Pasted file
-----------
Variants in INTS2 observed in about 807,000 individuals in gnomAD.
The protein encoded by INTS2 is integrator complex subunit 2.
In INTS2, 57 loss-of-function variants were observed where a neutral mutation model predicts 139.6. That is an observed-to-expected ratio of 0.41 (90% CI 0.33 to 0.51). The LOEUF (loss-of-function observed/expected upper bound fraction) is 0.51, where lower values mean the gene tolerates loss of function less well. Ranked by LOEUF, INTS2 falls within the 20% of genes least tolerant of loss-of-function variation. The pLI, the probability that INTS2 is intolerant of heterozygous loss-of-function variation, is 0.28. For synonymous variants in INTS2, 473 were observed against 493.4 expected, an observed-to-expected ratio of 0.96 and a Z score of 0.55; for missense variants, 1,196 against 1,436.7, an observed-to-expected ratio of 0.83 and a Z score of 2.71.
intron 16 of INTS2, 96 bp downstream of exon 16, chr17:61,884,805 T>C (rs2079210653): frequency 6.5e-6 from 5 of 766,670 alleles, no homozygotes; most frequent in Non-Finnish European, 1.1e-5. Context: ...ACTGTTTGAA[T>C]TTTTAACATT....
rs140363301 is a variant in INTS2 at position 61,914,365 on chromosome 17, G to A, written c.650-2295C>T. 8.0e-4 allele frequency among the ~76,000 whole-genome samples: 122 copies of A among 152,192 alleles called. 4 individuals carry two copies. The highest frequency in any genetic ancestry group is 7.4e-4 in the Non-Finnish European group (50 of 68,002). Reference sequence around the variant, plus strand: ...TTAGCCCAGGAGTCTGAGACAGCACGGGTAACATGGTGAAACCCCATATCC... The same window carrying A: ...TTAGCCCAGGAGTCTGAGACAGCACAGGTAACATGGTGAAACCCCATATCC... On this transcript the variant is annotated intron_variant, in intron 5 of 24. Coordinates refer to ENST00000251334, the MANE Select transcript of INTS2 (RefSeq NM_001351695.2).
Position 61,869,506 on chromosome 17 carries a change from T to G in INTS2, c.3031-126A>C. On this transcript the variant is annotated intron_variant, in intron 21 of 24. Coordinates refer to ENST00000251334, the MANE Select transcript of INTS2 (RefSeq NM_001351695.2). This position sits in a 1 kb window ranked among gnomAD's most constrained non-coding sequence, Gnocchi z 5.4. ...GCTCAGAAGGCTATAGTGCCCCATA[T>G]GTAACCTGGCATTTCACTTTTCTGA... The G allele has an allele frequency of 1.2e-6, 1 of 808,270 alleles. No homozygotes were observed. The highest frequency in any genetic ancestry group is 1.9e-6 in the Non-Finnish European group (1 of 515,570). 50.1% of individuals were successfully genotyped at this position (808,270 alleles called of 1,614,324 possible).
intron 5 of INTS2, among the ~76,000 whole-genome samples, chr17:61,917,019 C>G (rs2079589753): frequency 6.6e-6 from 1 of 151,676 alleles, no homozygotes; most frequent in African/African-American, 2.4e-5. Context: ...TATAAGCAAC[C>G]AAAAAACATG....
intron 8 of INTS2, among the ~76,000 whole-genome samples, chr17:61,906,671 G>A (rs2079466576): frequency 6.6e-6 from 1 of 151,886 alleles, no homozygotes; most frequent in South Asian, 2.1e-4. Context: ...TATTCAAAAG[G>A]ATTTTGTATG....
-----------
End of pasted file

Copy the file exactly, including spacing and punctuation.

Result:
Variants in INTS2 observed in about 807,000 individuals in gnomAD.
The protein encoded by INTS2 is integrator complex subunit 2.
In INTS2, 57 loss-of-function variants were observed where a neutral mutation model predicts 139.6. That is an observed-to-expected ratio of 0.41 (90% CI 0.33 to 0.51). The LOEUF (loss-of-function observed/expected upper bound fraction) is 0.51, where lower values mean the gene tolerates loss of function less well. Ranked by LOEUF, INTS2 falls within the 20% of genes least tolerant of loss-of-function variation. The pLI, the probability that INTS2 is intolerant of heterozygous loss-of-function variation, is 0.28. For synonymous variants in INTS2, 473 were observed against 493.4 expected, an observed-to-expected ratio of 0.96 and a Z score of 0.55; for missense variants, 1,196 against 1,436.7, an observed-to-expected ratio of 0.83 and a Z score of 2.71.
intron 16 of INTS2, 96 bp downstream of exon 16, chr17:61,884,805 T>C (rs2079210653): frequency 6.5e-6 from 5 of 766,670 alleles, no homozygotes; most frequent in Non-Finnish European, 1.1e-5. Context: ...ACTGTTTGAA[T>C]TTTTAACATT....
rs140363301 is a variant in INTS2 at position 61,914,365 on chromosome 17, G to A, written c.650-2295C>T. 8.0e-4 allele frequency among the ~76,000 whole-genome samples: 122 copies of A among 152,192 alleles called. 4 individuals carry two copies. The highest frequency in any genetic ancestry group is 7.4e-4 in the Non-Finnish European group (50 of 68,002). Reference sequence around the variant, plus strand: ...TTAGCCCAGGAGTCTGAGACAGCACGGGTAACATGGTGAAACCCCATATCC... The same window carrying A: ...TTAGCCCAGGAGTCTGAGACAGCACAGGTAACATGGTGAAACCCCATATCC... On this transcript the variant is annotated intron_variant, in intron 5 of 24. Coordinates refer to ENST00000251334, the MANE Select transcript of INTS2 (RefSeq NM_001351695.2).
Position 61,869,506 on chromosome 17 carries a change from T to G in INTS2, c.3031-126A>C. On this transcript the variant is annotated intron_variant, in intron 21 of 24. Coordinates refer to ENST00000251334, the MANE Select transcript of INTS2 (RefSeq NM_001351695.2). This position sits in a 1 kb window ranked among gnomAD's most constrained non-coding sequence, Gnocchi z 5.4. ...GCTCAGAAGGCTATAGTGCCCCATA[T>G]GTAACCTGGCATTTCACTTTTCTGA... The G allele has an allele frequency of 1.2e-6, 1 of 808,270 alleles. No homozygotes were observed. The highest frequency in any genetic ancestry group is 1.9e-6 in the Non-Finnish European group (1 of 515,570). 50.1% of individuals were successfully genotyped at this position (808,270 alleles called of 1,614,324 possible).
intron 5 of INTS2, among the ~76,000 whole-genome samples, chr17:61,917,019 C>G (rs2079589753): frequency 6.6e-6 from 1 of 151,676 alleles, no homozygotes; most frequent in African/African-American, 2.4e-5. Context: ...TATAAGCAAC[C>G]AAAAAACATG....
intron 8 of INTS2, among the ~76,000 whole-genome samples, chr17:61,906,671 G>A (rs2079466576): frequency 6.6e-6 from 1 of 151,886 alleles, no homozygotes; most frequent in South Asian, 2.1e-4. Context: ...TATTCAAAAG[G>A]ATTTTGTATG....